Our herb wall is a king-size version, but you can adapt something similar to your site and budget.
Here are a few tricks we learned along the way.
1 We used 6x6 cedar posts and carved a simple embellishment on top with a router. Set the posts at least 3 feet deep in concrete.
2 After the concrete sets, measure the distance between the posts, as they may move slightly. Ask a hardware store to cut 1⁄2-inch pipes into lengths about a half-inch shorter than the distance between the posts, and have the pipes threaded on both ends.
3 Screw plumbing flanges onto the ends of the pipes. Shimmy pipes into position between the posts, then secure with galvanized screws, using a level for accuracy. (Plan for 13 inches between tiers.)
4 Drill holes in the rims of 8-inch plastic pots. Plant herbs, then hang pots from pipes using S hooks.
Planting Guide: Growing Herbs
Herbs (or succulents, which would also thrive here) love sun, so a south-facing wall is best. Water daily during hot spells, and trim regularly to avoid legginess. For such a prominent high-traffic display, it’s worth visiting a good nursery to get unique varieties that look and smell as nice as they taste.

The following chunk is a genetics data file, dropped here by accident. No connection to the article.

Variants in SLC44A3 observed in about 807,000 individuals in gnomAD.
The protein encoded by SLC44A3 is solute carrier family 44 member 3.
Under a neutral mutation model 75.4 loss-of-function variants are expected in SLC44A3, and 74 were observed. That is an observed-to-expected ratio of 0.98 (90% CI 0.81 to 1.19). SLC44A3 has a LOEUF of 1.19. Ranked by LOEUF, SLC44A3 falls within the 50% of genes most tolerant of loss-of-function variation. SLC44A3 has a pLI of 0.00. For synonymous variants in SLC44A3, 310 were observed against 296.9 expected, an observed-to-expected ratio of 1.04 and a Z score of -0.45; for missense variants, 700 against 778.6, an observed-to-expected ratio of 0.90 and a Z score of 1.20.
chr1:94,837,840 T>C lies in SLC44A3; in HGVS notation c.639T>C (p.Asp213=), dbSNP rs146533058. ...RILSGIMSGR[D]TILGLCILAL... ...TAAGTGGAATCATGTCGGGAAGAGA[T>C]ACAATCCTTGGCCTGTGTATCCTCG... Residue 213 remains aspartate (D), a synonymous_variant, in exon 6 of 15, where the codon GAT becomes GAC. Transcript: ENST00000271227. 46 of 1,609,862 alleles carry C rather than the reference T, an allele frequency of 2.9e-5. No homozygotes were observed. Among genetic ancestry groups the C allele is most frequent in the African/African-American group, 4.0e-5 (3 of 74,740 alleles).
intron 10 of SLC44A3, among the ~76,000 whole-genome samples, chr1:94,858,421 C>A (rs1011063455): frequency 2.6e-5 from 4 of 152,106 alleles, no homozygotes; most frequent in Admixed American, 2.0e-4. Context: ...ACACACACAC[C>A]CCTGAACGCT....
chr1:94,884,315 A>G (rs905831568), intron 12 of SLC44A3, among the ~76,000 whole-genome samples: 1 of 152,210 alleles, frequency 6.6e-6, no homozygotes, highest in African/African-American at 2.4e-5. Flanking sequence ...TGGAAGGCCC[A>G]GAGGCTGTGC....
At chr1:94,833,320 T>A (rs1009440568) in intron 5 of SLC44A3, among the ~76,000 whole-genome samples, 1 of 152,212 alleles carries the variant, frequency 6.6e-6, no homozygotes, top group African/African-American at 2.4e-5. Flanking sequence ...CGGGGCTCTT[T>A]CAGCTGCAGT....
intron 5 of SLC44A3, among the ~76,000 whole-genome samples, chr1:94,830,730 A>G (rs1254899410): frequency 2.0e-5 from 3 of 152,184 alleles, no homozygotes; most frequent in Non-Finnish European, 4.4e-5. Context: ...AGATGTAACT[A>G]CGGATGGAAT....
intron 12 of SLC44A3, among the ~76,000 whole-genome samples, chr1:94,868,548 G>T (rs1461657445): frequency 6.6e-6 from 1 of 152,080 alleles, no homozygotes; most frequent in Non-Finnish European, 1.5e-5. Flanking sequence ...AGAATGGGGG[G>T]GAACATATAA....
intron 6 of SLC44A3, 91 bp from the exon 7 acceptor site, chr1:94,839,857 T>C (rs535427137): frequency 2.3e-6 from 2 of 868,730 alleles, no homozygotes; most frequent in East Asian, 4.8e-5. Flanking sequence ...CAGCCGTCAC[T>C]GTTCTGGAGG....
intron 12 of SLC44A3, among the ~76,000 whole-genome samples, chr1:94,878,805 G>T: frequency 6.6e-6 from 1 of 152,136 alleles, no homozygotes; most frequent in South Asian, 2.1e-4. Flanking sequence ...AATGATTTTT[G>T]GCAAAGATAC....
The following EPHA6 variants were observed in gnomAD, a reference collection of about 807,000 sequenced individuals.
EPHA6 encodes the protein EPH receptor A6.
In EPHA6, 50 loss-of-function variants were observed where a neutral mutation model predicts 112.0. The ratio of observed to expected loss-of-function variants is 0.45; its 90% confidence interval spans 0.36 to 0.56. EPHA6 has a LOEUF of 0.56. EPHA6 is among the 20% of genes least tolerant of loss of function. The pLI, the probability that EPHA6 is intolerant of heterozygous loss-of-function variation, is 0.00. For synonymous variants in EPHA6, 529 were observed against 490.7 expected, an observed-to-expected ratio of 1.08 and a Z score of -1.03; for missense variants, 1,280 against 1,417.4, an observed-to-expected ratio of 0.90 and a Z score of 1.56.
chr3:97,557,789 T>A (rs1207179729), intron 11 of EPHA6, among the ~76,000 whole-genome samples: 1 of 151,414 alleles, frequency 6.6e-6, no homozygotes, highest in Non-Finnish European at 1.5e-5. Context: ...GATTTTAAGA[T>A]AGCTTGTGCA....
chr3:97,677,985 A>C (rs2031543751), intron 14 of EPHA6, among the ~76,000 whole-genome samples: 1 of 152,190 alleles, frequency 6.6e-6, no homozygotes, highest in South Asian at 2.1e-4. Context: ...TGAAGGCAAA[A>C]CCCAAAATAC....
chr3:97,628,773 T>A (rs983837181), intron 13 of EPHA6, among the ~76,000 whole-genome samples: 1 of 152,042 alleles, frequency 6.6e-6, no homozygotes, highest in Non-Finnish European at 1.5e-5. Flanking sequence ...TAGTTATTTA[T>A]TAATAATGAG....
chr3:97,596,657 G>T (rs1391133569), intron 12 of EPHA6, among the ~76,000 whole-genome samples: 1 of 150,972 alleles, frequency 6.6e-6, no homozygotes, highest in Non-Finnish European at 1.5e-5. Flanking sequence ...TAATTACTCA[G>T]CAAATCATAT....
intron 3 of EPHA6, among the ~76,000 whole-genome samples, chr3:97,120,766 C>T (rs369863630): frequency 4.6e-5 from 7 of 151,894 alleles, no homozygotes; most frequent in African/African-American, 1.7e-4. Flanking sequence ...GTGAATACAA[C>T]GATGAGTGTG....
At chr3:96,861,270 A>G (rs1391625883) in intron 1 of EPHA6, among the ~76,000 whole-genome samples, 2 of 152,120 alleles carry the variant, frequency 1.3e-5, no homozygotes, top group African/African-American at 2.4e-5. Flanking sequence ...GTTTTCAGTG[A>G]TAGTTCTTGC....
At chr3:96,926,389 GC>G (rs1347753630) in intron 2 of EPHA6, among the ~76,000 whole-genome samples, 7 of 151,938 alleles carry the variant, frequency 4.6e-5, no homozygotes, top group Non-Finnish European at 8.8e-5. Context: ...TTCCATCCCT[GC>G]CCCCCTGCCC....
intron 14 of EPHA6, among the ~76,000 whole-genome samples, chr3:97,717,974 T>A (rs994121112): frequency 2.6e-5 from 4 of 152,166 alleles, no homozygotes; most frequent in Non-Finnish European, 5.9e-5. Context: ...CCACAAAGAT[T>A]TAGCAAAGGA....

Color Herbs come in gorgeous shades of chartreuse, dusty blue and even purple. We planted three types of sage alone, including the golden ‘Aurea’ above and white-rimmed ‘Tricolor’ (shown on top row in hanging plant photo).
Scale Basil is a water hog that struggles in small pots, so we chose dwarf varieties. This ‘Spicy globe’ above looks like a mini boxwood, and you can sprinkle the whole leaves over a tomato salad or eggs.
Texture Our nursery trip turned up this Cuban oregano, which has plump, velvety leaves. In our herb wall, we also opted for curly parsley over Italian, because its frilly leaves are prettier.
Scent Rosemary and thyme are kitchen workhorses that smell lovely when you brush past. We also planted this French lavender and the lemon-scented geranium ‘Cy’s sunburst’ for aroma alone.